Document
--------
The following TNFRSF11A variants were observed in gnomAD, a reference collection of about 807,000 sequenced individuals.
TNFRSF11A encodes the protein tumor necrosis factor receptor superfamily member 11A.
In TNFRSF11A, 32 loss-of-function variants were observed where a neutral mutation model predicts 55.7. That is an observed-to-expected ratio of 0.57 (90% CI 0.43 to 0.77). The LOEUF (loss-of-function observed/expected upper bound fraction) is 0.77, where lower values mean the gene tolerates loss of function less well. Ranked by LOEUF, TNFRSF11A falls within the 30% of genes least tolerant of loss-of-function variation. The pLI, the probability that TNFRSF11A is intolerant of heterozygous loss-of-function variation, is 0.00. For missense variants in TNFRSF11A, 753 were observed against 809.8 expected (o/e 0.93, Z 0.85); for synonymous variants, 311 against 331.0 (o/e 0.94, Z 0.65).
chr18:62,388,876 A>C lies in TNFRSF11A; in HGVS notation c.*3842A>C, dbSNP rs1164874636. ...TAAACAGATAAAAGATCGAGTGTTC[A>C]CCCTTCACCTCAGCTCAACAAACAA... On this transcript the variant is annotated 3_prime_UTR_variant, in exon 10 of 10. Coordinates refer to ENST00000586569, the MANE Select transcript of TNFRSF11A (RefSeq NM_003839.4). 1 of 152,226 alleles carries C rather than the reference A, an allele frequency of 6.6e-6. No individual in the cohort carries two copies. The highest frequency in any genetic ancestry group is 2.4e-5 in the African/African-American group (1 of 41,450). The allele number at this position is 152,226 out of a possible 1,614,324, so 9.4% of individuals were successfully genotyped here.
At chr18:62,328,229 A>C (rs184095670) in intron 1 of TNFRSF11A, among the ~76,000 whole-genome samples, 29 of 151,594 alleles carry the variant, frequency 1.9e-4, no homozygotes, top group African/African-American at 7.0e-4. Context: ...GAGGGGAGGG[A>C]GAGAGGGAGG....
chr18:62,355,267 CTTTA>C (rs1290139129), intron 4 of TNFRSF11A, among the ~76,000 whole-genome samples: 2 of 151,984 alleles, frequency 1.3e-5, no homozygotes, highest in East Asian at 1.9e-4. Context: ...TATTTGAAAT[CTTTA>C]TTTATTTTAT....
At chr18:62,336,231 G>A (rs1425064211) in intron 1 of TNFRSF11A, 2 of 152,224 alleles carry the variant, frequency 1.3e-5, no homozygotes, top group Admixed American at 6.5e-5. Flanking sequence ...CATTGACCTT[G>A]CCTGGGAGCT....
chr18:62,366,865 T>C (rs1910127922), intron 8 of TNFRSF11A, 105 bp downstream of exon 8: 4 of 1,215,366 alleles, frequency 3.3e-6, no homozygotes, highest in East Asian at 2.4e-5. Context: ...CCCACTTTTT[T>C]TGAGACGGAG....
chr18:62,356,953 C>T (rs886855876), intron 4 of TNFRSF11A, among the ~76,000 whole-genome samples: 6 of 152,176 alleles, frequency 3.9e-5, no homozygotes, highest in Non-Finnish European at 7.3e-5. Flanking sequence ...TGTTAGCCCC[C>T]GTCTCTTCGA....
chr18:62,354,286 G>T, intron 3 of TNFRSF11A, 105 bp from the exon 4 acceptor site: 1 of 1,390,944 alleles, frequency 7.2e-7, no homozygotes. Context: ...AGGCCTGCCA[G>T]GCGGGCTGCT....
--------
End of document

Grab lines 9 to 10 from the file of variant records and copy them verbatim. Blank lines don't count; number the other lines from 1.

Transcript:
chr18:62,356,953 C>T (rs886855876), intron 4 of TNFRSF11A, among the ~76,000 whole-genome samples: 6 of 152,176 alleles, frequency 3.9e-5, no homozygotes, highest in Non-Finnish European at 7.3e-5. Flanking sequence ...TGTTAGCCCC[C>T]GTCTCTTCGA....
chr18:62,354,286 G>T, intron 3 of TNFRSF11A, 105 bp from the exon 4 acceptor site: 1 of 1,390,944 alleles, frequency 7.2e-7, no homozygotes. Context: ...AGGCCTGCCA[G>T]GCGGGCTGCT....